This just in from internationally known oboist Nicholas Daniel. TAKE NOTE!:

Musicians! I just managed to spark an alert at Heathrow and was delayed so much that I missed my flight because of something in the small humidifier in my oboe case. Hautbois Marigaux kindly put it there to help with dry conditions but on this occasion it caused a big problem. I advise you to put it into your liquids when you travel.
The strange thing is that I haven’t had it filled up for ages, I simply forgot, but I filled it last night from a jug we had been drinking water from in the interval…. It’s been taken away to be destroyed!
I was described afterwards as a ‘special’ and they took my passport details….

‘Good music is a stress-buster’

Good music is a stress management tool. If students do not learn music, they should at least listen to good classical music or classical-based music…

I’m giving you a snippet of something I just read. I’m going to guess that most who read this blog are going to think it’s about classical music.

And it is.

Here’s more:

Each student should learn music, vocal or any instrument of their choice, and spend an hour every day in practice, he advised students at a lecture demonstration organised at Sri Prakash Vidyaniketan on Sunday.

At exam time, the students can focus on their academics, but during the rest of the year they should spend time learning and practicing music, he advised. A good beginning would be to form a listeners’ club and listen to classical music — Hindustani or Carnatic — and even film songs that are based on classical music were good, he suggested.

We Western classical folk aren’t the only ones … :-)


When you have a good enough reed, then the oboe has one of the most beautiful voices ever. It can be bittersweet, spicy and plaintive and make the listener laugh or cry. The sound alone is what makes it all worthwhile and you have to be totally in love with that to make it a joy to play through all the frustration and hard work.


Does playing oboe vs the clarinet help in Ivy League admissions?
I play clarinet and saxiphone and I’m a rising senior and I want to know if starting oboe at this point would help me in getting into a top 20 college

Please please please play oboe because you love oboe. Please don’t play oboe because you think it’s your college ticket.

Sure, it can be a ticket to college, but you need to be good at it. Or maybe you need to be great. It depends upon the school. Picking up oboe at the last minute is too little too late. It’s also a very obvious thing to do and the admissions folks see through it.

What brand is my oboe?
So, i’m trying to figure out what brand my oboe is because I might be looking to sell it. All that’s “written” on it is the number 101227 on all three parts of the body, but the bell doesn’t have a brand name on it… so I was hoping someone could help me out…

Also… I have a Selmer oboe Mod. 123 F and I was wondering if anyone could tell me how much it’s work? Roughly… it’s in pretty great condition, I think all of the notes play (or they did) and doesn’t have a lot of visible scratches or anything…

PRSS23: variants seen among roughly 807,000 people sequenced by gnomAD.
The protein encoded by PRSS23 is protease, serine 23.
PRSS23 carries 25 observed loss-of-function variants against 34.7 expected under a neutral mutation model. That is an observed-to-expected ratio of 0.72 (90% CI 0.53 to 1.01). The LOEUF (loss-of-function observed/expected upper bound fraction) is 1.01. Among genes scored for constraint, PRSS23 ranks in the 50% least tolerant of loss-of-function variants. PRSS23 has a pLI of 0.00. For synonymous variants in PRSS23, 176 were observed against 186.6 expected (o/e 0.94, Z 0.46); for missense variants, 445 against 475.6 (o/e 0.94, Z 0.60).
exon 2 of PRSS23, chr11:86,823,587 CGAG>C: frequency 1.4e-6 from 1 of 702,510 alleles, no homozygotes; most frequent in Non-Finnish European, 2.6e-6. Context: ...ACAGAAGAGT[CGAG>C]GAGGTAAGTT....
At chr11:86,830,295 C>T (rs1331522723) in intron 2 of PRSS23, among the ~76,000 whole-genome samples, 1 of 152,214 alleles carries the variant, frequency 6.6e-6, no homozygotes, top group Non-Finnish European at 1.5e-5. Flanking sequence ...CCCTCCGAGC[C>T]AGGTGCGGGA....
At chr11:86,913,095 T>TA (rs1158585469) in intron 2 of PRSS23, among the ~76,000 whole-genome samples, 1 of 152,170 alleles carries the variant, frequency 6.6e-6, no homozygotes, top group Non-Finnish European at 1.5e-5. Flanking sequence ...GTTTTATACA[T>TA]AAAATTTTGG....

I have a sneaking suspicion it’s not an oboe anyone would want to buy if it doesn’t have a brand name on it. Hmm. Then there’s the Selmer. (No thanks.) I LOVE, “I think all of the notes play”. Too cute! ;-)

I like the piano concerto. Really. But if I’m going to use classical music to try to thwart the NSA I think I’d choose something different. Hmm. Suggestions? ;-)

MPs who sit on the spying committee had become so concerned that US agents might listen in to their discussions that they had ordered classical music to be played, to drown out the discussions.
On arrival at the meeting, The Suddetusche Zeitung reported that for “security reasons” MPs had to put their mobile phones and computers into a large metal box to ensure that they were not subjected to outside surveillance.
“Then the committee chairman, Patrick Sensburg switched the music on,” a source told the paper. “Edvard Grieg’s piano concert in A minor. Just for security.”


If you start the oboe in eight grade and want to get good by high-school, how long should you practice?

I read this online. The answer suggested starting at 15 minutes, moving to 30 and eventually 45. But of course it’s not that simple. Still, kudos to the young oboist who wants to “get good”! :-)

Side Note: I’m out of town for the week, and most of my posts are probably going to be things I set up in advance. I’m not sure how much time or internet access I’ll have!


That balanced perspective would encompass the huge variety of orchestras, especially the unsung regional ones, where the heart of classical music beats. It’s not just about sound; it’s about listening. The symphonic space demands a uniquely focused listening perspective that we rarely experience anywhere else in the 21st Century. Not every piece needs to be a magnum opus: An opener, whether John Adams’ Short Ride in a Fast Machine or my own Mothership, is light by definition. But the works must withstand the internal attention of an orchestra and the external attention of a couple thousand active listeners. And when you get to longer, symphony-length works, you can really travel to trippy places.

—Mason Bates

Read on Mason Bate’s blog.

Crusty 118-year-old sandwich found stuffed in UK church organ


Many thanks to Susan Laney Spector for bringing this to my attention!


Um … no. And you didn’t need to yell at me, either. ;-)